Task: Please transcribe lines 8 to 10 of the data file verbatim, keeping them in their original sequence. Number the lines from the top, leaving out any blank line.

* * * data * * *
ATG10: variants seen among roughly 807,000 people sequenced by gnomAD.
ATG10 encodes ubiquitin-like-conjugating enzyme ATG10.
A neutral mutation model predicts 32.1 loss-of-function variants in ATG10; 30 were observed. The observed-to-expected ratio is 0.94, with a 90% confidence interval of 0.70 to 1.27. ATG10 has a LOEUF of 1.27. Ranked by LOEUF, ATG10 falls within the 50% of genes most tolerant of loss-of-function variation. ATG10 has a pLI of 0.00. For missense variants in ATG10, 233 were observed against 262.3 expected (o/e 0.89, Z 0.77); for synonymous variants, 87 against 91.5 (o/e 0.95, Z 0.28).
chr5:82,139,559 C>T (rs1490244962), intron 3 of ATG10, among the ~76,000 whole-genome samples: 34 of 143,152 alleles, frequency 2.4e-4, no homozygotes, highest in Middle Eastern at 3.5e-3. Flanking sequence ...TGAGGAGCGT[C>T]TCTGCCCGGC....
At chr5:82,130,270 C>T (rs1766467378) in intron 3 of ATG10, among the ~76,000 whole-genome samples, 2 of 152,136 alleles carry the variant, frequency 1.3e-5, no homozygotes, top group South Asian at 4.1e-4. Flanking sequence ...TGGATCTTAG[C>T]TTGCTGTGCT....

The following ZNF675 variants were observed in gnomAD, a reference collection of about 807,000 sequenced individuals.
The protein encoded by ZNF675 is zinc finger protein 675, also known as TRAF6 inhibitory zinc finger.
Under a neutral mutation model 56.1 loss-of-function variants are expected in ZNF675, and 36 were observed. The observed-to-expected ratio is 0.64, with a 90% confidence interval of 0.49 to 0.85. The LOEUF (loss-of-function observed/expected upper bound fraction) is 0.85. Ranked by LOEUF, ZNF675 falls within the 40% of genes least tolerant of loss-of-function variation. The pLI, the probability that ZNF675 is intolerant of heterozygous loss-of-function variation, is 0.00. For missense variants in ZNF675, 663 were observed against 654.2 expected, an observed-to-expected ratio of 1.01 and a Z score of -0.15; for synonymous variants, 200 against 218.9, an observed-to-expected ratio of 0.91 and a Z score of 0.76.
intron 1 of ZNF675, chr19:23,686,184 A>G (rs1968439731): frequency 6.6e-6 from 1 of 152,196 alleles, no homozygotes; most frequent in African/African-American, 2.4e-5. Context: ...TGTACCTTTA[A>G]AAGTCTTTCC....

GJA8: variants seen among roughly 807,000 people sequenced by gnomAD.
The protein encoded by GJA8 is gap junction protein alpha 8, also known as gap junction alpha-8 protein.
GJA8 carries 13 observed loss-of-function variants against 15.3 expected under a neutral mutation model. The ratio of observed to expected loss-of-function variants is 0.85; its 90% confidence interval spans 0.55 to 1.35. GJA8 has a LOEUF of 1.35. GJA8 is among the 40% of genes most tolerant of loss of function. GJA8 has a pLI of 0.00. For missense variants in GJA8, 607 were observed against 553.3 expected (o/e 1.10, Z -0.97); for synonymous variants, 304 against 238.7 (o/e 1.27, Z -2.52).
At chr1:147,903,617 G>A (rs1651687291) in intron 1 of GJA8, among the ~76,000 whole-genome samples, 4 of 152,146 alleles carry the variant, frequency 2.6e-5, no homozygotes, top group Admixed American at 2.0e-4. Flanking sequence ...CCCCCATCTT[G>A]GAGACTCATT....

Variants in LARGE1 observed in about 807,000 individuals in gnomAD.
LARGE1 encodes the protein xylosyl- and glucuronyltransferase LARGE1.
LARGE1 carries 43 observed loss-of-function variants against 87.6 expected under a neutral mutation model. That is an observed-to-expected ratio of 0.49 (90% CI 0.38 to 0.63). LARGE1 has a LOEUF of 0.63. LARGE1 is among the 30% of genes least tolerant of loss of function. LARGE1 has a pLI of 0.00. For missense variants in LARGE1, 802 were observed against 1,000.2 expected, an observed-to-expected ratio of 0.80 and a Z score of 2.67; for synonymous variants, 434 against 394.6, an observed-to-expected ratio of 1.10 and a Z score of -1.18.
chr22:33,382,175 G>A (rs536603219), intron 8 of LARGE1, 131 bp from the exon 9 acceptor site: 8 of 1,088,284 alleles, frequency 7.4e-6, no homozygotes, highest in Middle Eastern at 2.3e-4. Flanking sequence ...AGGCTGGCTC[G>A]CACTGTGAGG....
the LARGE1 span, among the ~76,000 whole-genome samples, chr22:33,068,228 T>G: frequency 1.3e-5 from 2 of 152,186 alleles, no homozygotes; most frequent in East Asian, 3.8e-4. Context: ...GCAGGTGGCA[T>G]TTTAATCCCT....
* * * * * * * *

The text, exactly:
Under a neutral mutation model 56.1 loss-of-function variants are expected in ZNF675, and 36 were observed. The observed-to-expected ratio is 0.64, with a 90% confidence interval of 0.49 to 0.85. The LOEUF (loss-of-function observed/expected upper bound fraction) is 0.85. Ranked by LOEUF, ZNF675 falls within the 40% of genes least tolerant of loss-of-function variation. The pLI, the probability that ZNF675 is intolerant of heterozygous loss-of-function variation, is 0.00. For missense variants in ZNF675, 663 were observed against 654.2 expected, an observed-to-expected ratio of 1.01 and a Z score of -0.15; for synonymous variants, 200 against 218.9, an observed-to-expected ratio of 0.91 and a Z score of 0.76.
intron 1 of ZNF675, chr19:23,686,184 A>G (rs1968439731): frequency 6.6e-6 from 1 of 152,196 alleles, no homozygotes; most frequent in African/African-American, 2.4e-5. Context: ...TGTACCTTTA[A>G]AAGTCTTTCC....

GJA8: variants seen among roughly 807,000 people sequenced by gnomAD.